Childhood glaucoma, also known as congenital, or pediatric glaucoma, is an eye disease that affects very young children. The diagnosis is usually during the first year of life. It’s a rare disease, which may or may not be hereditary.
In 66% of cases, infantile glaucoma affects both eyes, and in 34% it affects only one eye. This health issue is almost always primary, i.e. it isn’t determined by another disease. The main characteristic of this disorder is an increase in intraocular pressure above normal values.
If you don’t adequately treat childhood glaucoma, it could damage the optic nerve, resulting in blindness. Therefore, it’s important to be aware of the symptoms of this disease, so that it can be controlled in time.
What is childhood glaucoma?
Aqueous humor is a colorless liquid that nourishes and oxygenates various parts of the eye. It’s produced in the inner part of the eyeball called the ciliary body, behind the iris. This fluid flows through the pupil into the anterior chamber, which is an area between the cornea and the iris.
In the anterior chamber there are evacuation channels that must drain this liquid – the aqueous humor – into the veins. Sometimes, if the drainage system is obstructed, the fluid cannot be evacuated. This causes it to concentrate there, resulting in increased pressure in the eye.
That pressure can damage the optic nerve, which is a complex structure composed of a million nerve fibers that connect the retina to the brain. If this happens, the child can lose their vision.
Strictly speaking, childhood glaucoma is glaucoma that affects children over the age of 3. Glaucoma that affects children from 0 to 3 years of age is called infantile or congenital glaucoma.
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How it manifests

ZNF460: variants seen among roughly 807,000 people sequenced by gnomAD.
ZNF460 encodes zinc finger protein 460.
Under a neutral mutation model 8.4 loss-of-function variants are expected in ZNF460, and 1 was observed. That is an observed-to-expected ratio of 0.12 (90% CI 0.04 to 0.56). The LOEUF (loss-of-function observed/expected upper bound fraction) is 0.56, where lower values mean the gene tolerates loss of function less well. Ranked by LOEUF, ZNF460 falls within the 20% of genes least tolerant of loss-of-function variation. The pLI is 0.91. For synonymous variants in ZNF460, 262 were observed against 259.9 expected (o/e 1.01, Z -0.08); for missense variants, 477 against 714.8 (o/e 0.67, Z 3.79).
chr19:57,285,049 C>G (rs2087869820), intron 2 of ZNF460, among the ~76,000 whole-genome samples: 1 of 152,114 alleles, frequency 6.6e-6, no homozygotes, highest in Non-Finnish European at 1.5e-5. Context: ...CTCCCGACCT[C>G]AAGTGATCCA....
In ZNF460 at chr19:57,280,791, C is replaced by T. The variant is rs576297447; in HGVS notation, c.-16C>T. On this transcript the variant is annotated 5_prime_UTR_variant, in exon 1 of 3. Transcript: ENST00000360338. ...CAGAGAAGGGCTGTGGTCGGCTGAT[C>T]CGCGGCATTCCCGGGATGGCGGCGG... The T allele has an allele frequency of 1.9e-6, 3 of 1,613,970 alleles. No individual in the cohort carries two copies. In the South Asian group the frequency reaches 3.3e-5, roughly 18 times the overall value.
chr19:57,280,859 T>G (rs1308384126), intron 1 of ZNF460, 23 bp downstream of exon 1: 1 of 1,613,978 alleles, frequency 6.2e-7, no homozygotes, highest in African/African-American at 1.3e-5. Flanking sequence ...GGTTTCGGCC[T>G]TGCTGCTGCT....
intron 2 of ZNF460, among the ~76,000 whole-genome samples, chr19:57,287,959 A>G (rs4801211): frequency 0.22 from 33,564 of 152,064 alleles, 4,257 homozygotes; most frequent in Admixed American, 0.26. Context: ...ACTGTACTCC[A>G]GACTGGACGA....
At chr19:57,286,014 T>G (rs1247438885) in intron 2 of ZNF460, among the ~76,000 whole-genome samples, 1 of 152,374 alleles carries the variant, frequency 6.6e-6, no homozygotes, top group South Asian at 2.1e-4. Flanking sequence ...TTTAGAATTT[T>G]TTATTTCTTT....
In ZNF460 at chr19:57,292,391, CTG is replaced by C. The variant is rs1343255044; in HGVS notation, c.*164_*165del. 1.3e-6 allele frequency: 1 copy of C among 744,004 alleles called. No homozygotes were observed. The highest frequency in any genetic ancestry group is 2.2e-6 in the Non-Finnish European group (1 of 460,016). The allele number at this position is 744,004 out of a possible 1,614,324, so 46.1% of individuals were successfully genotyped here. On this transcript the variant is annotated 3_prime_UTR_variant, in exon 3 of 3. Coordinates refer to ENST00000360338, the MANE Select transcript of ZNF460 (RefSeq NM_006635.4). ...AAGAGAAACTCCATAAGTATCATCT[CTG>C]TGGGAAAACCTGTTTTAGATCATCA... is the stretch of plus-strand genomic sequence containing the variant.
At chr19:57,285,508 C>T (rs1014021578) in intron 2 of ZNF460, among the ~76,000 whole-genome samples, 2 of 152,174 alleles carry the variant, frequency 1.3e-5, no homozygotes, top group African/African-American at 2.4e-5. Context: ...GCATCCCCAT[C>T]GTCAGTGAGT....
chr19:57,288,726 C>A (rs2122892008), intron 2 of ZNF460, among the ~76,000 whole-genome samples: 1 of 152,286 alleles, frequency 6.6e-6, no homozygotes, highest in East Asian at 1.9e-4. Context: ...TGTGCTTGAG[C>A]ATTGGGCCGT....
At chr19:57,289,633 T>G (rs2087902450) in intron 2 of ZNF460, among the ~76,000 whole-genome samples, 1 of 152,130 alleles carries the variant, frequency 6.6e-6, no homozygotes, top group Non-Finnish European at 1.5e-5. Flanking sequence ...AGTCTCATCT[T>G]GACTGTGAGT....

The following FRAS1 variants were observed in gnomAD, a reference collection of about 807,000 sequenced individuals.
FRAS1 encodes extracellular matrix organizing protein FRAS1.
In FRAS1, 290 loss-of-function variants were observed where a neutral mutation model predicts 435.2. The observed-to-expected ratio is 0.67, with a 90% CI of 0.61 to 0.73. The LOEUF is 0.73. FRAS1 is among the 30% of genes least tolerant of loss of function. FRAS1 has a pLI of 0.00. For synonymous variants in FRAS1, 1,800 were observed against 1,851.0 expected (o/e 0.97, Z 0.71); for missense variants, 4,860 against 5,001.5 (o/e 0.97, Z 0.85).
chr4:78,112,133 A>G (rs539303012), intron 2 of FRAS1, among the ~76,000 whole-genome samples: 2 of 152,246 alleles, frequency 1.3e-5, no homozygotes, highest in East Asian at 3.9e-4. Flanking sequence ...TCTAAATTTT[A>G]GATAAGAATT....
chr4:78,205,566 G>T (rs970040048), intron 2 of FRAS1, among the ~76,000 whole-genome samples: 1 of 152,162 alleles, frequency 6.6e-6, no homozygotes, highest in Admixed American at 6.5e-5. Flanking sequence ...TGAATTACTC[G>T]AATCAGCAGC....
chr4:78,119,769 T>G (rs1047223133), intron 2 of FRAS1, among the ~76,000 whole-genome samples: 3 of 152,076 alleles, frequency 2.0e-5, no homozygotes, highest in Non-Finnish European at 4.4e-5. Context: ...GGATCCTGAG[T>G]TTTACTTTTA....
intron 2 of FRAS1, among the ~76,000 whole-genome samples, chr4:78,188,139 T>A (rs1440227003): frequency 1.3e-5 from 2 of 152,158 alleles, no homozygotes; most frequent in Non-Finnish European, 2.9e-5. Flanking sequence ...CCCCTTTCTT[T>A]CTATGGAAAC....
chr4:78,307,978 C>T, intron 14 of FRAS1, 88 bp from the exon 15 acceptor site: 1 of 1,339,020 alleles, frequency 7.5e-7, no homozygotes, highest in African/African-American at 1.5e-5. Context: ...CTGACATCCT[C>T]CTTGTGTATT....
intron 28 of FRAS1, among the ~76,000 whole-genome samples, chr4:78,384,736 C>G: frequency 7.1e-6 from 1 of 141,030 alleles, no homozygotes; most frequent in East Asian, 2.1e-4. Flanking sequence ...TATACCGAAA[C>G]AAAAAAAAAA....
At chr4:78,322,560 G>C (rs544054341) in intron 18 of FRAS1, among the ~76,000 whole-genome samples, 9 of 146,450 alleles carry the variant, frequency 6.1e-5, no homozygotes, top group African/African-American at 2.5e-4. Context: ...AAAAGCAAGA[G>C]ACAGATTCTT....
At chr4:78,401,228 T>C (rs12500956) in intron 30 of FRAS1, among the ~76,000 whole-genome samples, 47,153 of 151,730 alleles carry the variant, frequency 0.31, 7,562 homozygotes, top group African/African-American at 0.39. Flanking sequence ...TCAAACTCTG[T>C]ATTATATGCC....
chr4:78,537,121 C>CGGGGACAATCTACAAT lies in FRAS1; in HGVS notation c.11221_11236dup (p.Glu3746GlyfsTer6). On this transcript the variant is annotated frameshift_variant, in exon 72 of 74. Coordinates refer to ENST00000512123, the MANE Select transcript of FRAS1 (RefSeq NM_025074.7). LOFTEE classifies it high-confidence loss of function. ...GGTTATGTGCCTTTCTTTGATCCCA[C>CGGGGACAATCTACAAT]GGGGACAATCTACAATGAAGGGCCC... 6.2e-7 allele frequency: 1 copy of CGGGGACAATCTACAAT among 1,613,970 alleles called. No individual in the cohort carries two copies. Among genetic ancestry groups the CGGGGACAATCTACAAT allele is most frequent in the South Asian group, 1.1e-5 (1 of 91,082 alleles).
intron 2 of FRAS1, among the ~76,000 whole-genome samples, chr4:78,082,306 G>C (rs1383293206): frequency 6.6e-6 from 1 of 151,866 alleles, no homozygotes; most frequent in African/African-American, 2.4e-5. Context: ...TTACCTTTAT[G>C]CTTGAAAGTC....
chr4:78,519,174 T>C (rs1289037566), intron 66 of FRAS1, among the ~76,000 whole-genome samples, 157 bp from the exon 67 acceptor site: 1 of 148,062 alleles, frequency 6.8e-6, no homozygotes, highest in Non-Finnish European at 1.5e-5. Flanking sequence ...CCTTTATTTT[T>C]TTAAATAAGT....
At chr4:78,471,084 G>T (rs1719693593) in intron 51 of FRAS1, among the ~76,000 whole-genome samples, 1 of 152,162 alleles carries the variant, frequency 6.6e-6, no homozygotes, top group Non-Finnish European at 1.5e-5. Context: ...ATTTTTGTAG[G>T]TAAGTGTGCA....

There are many factors that can cause childhood glaucoma. In most cases it’s hereditary. Hereditary means that the structure of the eye has this abnormality from birth. On other occasions, the problem derives from another eye disease, but this is rare.
Someone with glaucoma has reduced peripheral vision, that is, they see clearly in front, but lose the details of what’s in the lateral areas. This increases gradually. Sometimes there’s also blurred vision, fog, or black spot vision.
A child with glaucoma usually feels that light bothers them, often has watery eyes and also prefers to keep them closed. As the disease progresses, their eyes appear duller and larger than normal. It’s common for them to stumble over small objects that are to the side or very low.
How to detect childhood glaucoma
If your child has symptoms, an ophthalmologist should examine them. Typically, the child will first have a visual acuity test to measure their ability to see at different distances. Then the doctor will dilate the pupils with eye drops and check the retina and optic nerve.
The next step is a visual field test to determine the state of your peripheral vision. Similarly, specialists will perform a test called tonometry, which measures the pressure in the eye.
All these tests can be very uncomfortable and intimidating for a child. Therefore, it’s important that they feel the support and understanding of their parents. Sometimes it’s necessary to sedate them in order to examine them, especially if they’re very young.
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Is it curable?
It’s very important to begin treatment for childhood glaucoma as soon as possible. The sooner you treat this problem, the better the chances of overcoming it completely. The specialist is the one who determines which treatment to follow, based on the child’s health condition, the characteristics of the glaucoma and the available options.
In general terms, treatment for childhood glaucoma may include medication and surgery. Doctors prescribe medications to decrease the production of fluid in the eye, or to improve the passage of fluid. In both cases the goal is to reduce the pressure.
Likewise, the doctor will perform microsurgery or laser surgery to create an orifice for the fluid to drain properly. These types of surgeries are safe and have minimal risks.It might interest you...